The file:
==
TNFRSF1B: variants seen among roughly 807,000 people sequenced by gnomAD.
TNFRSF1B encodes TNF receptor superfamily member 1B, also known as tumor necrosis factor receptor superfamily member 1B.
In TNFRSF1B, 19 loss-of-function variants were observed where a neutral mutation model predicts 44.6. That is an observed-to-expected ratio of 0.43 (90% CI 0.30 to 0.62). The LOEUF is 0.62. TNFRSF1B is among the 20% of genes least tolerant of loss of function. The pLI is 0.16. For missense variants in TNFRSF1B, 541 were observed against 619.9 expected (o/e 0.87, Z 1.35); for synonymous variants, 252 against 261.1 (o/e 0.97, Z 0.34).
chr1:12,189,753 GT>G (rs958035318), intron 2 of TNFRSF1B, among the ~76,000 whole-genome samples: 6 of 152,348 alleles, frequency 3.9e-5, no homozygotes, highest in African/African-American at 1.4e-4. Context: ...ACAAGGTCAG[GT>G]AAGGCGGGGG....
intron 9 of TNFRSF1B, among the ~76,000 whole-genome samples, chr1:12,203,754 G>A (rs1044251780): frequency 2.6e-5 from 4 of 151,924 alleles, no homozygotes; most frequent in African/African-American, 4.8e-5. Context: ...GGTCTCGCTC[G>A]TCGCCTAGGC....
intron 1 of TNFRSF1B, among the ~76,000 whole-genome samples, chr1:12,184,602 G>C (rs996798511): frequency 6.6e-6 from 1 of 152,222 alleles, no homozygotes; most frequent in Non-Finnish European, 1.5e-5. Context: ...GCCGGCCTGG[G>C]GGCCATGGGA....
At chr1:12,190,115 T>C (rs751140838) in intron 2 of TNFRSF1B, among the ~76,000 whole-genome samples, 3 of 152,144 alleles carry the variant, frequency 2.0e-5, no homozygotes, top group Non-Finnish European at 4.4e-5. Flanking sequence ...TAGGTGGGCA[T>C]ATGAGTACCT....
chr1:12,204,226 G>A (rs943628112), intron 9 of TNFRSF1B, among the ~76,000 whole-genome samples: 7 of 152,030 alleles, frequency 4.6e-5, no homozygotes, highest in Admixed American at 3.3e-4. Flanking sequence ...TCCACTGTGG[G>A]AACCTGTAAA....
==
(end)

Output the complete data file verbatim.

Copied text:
TNFRSF1B: variants seen among roughly 807,000 people sequenced by gnomAD.
TNFRSF1B encodes TNF receptor superfamily member 1B, also known as tumor necrosis factor receptor superfamily member 1B.
In TNFRSF1B, 19 loss-of-function variants were observed where a neutral mutation model predicts 44.6. That is an observed-to-expected ratio of 0.43 (90% CI 0.30 to 0.62). The LOEUF is 0.62. TNFRSF1B is among the 20% of genes least tolerant of loss of function. The pLI is 0.16. For missense variants in TNFRSF1B, 541 were observed against 619.9 expected (o/e 0.87, Z 1.35); for synonymous variants, 252 against 261.1 (o/e 0.97, Z 0.34).
chr1:12,189,753 GT>G (rs958035318), intron 2 of TNFRSF1B, among the ~76,000 whole-genome samples: 6 of 152,348 alleles, frequency 3.9e-5, no homozygotes, highest in African/African-American at 1.4e-4. Context: ...ACAAGGTCAG[GT>G]AAGGCGGGGG....
intron 9 of TNFRSF1B, among the ~76,000 whole-genome samples, chr1:12,203,754 G>A (rs1044251780): frequency 2.6e-5 from 4 of 151,924 alleles, no homozygotes; most frequent in African/African-American, 4.8e-5. Context: ...GGTCTCGCTC[G>A]TCGCCTAGGC....
intron 1 of TNFRSF1B, among the ~76,000 whole-genome samples, chr1:12,184,602 G>C (rs996798511): frequency 6.6e-6 from 1 of 152,222 alleles, no homozygotes; most frequent in Non-Finnish European, 1.5e-5. Context: ...GCCGGCCTGG[G>C]GGCCATGGGA....
At chr1:12,190,115 T>C (rs751140838) in intron 2 of TNFRSF1B, among the ~76,000 whole-genome samples, 3 of 152,144 alleles carry the variant, frequency 2.0e-5, no homozygotes, top group Non-Finnish European at 4.4e-5. Flanking sequence ...TAGGTGGGCA[T>C]ATGAGTACCT....
chr1:12,204,226 G>A (rs943628112), intron 9 of TNFRSF1B, among the ~76,000 whole-genome samples: 7 of 152,030 alleles, frequency 4.6e-5, no homozygotes, highest in Admixed American at 3.3e-4. Flanking sequence ...TCCACTGTGG[G>A]AACCTGTAAA....